Being a very family oriented person, one of the most difficult times to be away from home for me is Christmas.
However, Orthodox Christmas is celebrated a little different than what you may be used to.
First of all, it is on a different date! We celebrate Christmas on January 7.
The reason for this is that the holiday is calculated used the Gregorian calendar. Another big difference is the length. In Macedonia and other countries, there is a total of 5 days of Christmas-related traditions that everyone tries to honour.
It all starts with… singing!
January 5th is “Kolede”
On this day, children go from door to door singing Kolede songs – much like the Halloween trick-or-treating in the USA, except instead of sweets, the Kolede-goers receive fruits, nuts and coins.
Later that night, we all gather around Bonfires! Where I live, the bonfires are lit in the parks between residential buildings; they require weeks of planning, safety checks, logistics – but also the preparation of traditional foods for over 100 guests.
The whole neighbourhood raises the money together for this event, which promotes the spirit of unity. The bonfire is lit from oak trees and people gather around it to socialize, talk about their year and wish each other happy holidays.
At the end of the night, people pass around a bread with a coin cooked in and everyone breaks off a piece. Whoever finds the coin in their piece of bread, will have good fortune for the whole year. Also, because of their good fortune, whoever finds the coin is next year’s host of the bonfires. Last year’s host was my mother and she would agree about the good fortune for the whole year part!
January 6th is Christmas Eve
For many people, this is the last day of the 40-day Nativity Fasting period. The dinner served on this night is ‘posna’ which means no dairy, meat or animal products.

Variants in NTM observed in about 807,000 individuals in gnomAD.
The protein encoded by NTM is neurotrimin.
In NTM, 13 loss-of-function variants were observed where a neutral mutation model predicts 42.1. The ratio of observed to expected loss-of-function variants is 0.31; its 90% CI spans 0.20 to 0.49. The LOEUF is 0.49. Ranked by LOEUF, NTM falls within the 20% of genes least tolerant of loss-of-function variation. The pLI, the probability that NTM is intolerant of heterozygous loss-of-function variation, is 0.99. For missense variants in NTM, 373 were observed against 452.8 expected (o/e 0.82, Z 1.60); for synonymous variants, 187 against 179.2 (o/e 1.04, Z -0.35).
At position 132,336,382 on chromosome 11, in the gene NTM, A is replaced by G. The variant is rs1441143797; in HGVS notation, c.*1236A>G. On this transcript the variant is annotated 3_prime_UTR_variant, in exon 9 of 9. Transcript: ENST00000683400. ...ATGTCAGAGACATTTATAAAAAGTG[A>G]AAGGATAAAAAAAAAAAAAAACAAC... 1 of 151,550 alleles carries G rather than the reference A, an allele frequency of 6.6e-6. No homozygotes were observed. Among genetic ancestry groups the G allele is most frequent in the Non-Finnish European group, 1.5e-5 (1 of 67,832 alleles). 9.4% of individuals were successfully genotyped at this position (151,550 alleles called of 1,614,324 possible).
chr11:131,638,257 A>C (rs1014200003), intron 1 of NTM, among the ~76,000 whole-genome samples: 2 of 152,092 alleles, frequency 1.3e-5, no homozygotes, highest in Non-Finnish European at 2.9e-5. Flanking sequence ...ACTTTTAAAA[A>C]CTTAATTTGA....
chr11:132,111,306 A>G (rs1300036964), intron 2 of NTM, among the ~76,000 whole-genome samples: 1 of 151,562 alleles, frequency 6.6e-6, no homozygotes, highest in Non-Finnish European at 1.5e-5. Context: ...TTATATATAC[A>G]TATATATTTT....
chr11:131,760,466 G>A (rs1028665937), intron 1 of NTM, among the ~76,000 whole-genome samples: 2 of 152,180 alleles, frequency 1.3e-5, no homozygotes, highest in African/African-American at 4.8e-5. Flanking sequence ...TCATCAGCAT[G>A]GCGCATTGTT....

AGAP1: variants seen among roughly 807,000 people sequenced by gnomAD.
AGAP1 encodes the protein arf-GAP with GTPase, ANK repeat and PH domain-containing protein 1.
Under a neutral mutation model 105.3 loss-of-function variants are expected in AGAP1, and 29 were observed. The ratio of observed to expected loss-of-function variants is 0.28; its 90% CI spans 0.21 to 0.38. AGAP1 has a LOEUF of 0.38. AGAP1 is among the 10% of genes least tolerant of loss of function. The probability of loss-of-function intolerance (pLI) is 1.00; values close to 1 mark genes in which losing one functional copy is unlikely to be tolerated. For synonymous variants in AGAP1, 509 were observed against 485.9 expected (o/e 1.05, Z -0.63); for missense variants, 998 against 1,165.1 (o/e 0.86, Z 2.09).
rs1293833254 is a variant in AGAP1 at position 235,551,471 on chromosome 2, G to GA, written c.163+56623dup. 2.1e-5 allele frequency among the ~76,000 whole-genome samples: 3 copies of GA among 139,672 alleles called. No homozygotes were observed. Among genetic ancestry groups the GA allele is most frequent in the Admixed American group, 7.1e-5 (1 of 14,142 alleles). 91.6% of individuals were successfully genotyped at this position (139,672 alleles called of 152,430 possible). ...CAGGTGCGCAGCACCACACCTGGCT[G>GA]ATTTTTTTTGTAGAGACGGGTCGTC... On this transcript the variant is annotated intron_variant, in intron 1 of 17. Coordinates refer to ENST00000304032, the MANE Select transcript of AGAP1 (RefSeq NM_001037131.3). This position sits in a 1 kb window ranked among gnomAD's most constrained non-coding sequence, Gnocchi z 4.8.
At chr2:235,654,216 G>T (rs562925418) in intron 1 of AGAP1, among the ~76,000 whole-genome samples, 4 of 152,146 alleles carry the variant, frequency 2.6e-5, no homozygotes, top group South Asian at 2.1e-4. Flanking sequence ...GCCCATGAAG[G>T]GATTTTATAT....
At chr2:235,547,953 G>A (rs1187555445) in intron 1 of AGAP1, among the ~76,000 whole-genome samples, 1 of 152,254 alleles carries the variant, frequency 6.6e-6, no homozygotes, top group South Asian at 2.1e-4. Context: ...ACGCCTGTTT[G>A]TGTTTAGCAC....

Christmas Eve is a time of peace and reflection and we celebrate it with a dinner with our closest family members.
A typical dinner would include assorted nuts, fresh and dried fruits, baked cod or trout with garlic, bread, kidney-beans soup, potato salad with onions and herbs, Ajvar (a traditional red-pepper dip), Sarma (rice and spice-stuffed cabbage leaves) and pickled vegetables. A traditional decoration for this meal is an oak branch with leaves.
At the end of this meal, family members break a coin bread, each receiving a piece, determining who will have a particularly successful year ahead.
January 7th is…Christmas Day
People who celebrate the holiday in a more religious manner, use this morning to go to a church service. This is also a day when people visit each other with the greeting “Hristos se rodi” (Christ is born) which is replied to with “Navistina se rodi” (He truly is born!).
Because the fasting is now over, the meals served on this day are a true feast: an abundance of aromas, colours and flavours; a real holiday for the taste buds. A typical Christmas dinner consists of various roasted meats, festive side dishes, cheese pies, creamy and fresh salads, cakes and sweets.
The Christmas celebration usually continues for 3 more days.
When it comes to tradition and celebrating and good fortune – all I can say in conclusion is this: the year when I was submitting my applications to graduate schools – the coin was in my bread piece at Christmas Eve dinner. And I can agree that the fortune served me well – I am at Purdue Calumet!
As for my Christmas aboard – I will be celebrating it with my new family of PUC friends, in my new hometown – but with traditional Christmas food. You are all invited!
Smiles and aeroplanes,